• Psychological support: Living with a chronic condition can be challenging. Some patients might benefit from psychological counseling to manage any emotional aspects of the disease.


With early diagnosis and consistent treatment, the prognosis for hereditary hemochromatosis is generally positive. Most patients can experience a significant improvement in symptoms, prevent organ damage, and lead normal and healthy lives.

Key Points of Hereditary Hemochromatosis

What is it?

  • A genetic disorder affecting iron metabolism, leading to excessive iron absorption from the diet.
  • Most common genetic disease in populations of Northern European descent.


  • Primarily caused by mutations in the HFE gene, particularly C282Y and H63D mutations, disrupting iron regulation.
  • Inherited in an autosomal recessive pattern.


  • Early symptoms are often non-specific (fatigue, weakness, joint pain).
  • Later stages can involve organ damage and specific symptoms like:
    • Liver problems (cirrhosis)
    • Heart issues (cardiomyopathy)
    • Diabetes
    • Skin changes (bronze pigmentation)
    • Joint dysfunction
    • Sexual dysfunction


  • Blood tests (transferrin saturation, ferritin) are initial screening tools.
  • Genetic testing and, in some cases, liver biopsy can confirm the diagnosis.

Treatment and Management

  • Therapeutic phlebotomy: Regular blood removal to deplete iron stores.
  • Early diagnosis is crucial to prevent complications.
  • Lifelong management with monitoring and phlebotomy is necessary.
  • Diet: Iron restriction is generally not needed but avoiding iron-fortified foods and supplements is recommended.


  • Positive with early diagnosis and consistent treatment.

Disclaimer: This article is intended for informational purposes only and is specifically targeted towards medical students. It is not intended to be a substitute for informed professional medical advice, diagnosis, or treatment. While the information presented here is derived from credible medical sources and is believed to be accurate and up-to-date, it is not guaranteed to be complete or error-free. See additional information.


  1. Porter JL, Rawla P. Hemochromatosis. [Updated 2023 Mar 31]. In: StatPearls [Internet]. Treasure Island (FL): StatPearls Publishing; 2024 Jan-.
  2. Murphree CR, Nguyen NN, Raghunathan V, Olson SR, DeLoughery T, Shatzel JJ. Diagnosis and management of hereditary haemochromatosis. Vox Sang. 2020 May;115(4):255-262. doi: 10.1111/vox.12896. Epub 2020 Feb 20. PMID: 32080859.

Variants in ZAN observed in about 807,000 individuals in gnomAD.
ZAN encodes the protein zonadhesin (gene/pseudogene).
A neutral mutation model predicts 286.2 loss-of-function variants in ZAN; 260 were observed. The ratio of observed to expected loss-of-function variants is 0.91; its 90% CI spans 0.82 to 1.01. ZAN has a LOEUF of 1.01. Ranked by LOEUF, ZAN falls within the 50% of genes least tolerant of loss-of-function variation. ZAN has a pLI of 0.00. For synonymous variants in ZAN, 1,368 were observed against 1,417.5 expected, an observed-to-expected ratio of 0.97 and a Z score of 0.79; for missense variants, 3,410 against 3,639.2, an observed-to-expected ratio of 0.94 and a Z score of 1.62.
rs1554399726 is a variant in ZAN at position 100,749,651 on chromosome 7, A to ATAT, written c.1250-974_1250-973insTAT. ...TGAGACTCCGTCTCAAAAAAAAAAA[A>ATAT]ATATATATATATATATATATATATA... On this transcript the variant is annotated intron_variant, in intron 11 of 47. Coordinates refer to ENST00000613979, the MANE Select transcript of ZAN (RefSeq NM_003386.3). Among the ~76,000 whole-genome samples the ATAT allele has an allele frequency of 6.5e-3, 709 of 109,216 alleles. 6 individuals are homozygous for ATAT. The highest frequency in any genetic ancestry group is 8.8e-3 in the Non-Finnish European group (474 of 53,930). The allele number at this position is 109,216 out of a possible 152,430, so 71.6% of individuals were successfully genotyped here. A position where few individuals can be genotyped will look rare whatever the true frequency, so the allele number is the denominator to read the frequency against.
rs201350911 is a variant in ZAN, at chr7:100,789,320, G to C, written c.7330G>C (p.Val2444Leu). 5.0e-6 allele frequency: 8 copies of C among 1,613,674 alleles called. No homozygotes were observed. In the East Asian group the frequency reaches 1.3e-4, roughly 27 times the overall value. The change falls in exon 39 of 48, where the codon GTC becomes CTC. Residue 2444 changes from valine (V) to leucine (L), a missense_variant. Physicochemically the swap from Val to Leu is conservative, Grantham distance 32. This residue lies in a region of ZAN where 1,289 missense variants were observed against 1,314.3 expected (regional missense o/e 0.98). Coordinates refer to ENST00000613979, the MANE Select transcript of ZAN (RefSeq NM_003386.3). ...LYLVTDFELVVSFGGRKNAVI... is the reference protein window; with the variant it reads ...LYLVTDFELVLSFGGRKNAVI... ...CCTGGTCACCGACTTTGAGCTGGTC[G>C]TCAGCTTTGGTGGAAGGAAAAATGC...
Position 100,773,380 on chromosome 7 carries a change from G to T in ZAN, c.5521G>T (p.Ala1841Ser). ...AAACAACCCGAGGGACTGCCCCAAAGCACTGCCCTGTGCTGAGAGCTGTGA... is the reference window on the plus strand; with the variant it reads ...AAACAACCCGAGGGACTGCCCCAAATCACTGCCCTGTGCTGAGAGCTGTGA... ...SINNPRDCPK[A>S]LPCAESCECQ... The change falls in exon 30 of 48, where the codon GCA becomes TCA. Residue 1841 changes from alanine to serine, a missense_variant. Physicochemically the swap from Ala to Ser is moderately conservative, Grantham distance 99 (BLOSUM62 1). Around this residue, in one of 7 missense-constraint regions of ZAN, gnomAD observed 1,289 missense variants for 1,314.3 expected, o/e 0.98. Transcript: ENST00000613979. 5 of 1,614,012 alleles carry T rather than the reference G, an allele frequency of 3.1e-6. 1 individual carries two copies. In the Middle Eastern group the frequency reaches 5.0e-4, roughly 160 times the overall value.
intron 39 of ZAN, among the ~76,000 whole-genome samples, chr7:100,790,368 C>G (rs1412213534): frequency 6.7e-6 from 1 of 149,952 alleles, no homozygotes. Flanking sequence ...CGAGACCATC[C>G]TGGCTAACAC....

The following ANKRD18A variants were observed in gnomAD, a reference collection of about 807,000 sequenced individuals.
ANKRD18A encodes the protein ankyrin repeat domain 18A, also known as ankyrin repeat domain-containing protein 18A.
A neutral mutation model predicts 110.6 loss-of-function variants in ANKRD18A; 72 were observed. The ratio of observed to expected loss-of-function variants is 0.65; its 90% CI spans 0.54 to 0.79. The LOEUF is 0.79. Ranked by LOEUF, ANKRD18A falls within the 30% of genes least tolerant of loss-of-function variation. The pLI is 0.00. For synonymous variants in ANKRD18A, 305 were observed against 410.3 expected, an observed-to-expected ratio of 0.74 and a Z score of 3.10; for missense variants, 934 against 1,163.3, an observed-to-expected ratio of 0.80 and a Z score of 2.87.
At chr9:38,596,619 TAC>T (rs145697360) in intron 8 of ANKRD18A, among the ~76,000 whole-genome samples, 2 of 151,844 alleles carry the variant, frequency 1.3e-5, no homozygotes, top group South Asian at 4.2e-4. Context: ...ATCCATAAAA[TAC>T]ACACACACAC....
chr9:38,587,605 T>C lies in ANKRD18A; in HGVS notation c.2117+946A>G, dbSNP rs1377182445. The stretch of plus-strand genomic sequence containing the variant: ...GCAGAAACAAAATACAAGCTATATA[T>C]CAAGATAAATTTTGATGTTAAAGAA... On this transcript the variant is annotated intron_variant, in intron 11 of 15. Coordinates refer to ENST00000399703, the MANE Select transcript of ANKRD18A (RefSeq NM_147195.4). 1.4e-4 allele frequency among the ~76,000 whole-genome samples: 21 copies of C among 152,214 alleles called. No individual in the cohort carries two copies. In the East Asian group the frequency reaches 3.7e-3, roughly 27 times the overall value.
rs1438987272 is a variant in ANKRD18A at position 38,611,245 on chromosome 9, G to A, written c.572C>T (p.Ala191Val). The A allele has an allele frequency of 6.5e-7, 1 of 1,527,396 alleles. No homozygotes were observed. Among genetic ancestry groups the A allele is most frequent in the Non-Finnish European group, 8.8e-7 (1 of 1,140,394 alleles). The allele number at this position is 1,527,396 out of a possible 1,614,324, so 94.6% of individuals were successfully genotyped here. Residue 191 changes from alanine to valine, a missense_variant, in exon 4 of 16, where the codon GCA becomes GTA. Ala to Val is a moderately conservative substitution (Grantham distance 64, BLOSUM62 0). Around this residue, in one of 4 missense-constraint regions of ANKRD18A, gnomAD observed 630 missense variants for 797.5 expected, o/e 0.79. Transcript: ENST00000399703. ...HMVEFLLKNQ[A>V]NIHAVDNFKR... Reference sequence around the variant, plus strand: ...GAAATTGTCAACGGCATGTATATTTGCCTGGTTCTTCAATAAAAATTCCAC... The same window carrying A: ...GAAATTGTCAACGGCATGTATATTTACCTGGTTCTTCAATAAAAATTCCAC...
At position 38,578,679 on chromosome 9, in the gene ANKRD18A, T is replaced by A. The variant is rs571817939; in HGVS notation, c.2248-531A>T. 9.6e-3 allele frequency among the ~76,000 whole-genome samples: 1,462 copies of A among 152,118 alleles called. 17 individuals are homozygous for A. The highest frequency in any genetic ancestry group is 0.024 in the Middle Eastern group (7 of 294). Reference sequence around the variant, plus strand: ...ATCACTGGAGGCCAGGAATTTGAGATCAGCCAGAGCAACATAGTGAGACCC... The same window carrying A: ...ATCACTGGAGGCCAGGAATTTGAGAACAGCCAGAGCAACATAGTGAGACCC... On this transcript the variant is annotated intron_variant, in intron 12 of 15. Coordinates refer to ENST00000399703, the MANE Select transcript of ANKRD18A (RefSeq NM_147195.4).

3. Niederau C, Fischer R, Pürschel A, Stremmel W, Häussinger D, Strohmeyer G. Long-term survival in patients with hereditary hemochromatosis. Gastroenterology. 1996 Apr;110(4):1107-19. doi: 10.1053/gast.1996.v110.pm8613000. PMID: 8613000.
  4. Brandhagen DJ, Fairbanks VF, Baldus W. Recognition and management of hereditary hemochromatosis. Am Fam Physician. 2002 Mar 1;65(5):853-60. PMID: 11898957.

Related Diseases

Systemic Approach to Anemia

Systemic Approach to Anemia

Introduction A systemic approach to anemia is a comprehensive strategy that tackles the condition from multiple angles, aiming for accurate diagnosis, effective treatment, and long-term management. It involves several steps that consider various factors to pinpoint...

Sideroblastic Anemia

Sideroblastic Anemia

Introduction Sideroblastic anemia is a type of anemia characterized by abnormal iron metabolism within red blood cell precursors. It belongs to a category called refractory anemia, which means the bone marrow has difficulty producing healthy red blood cells. The...

Differential Diagnosis of Macrocytic Anemias

Differential Diagnosis of Macrocytic Anemias

Introduction Macrocytic anemia is a specific type of anemia that combines two conditions: macrocytosis and anemia. Macrocytosis refers to a condition where red blood cells are larger than normal. It's itself not a disease, but rather an abnormality detected in a blood...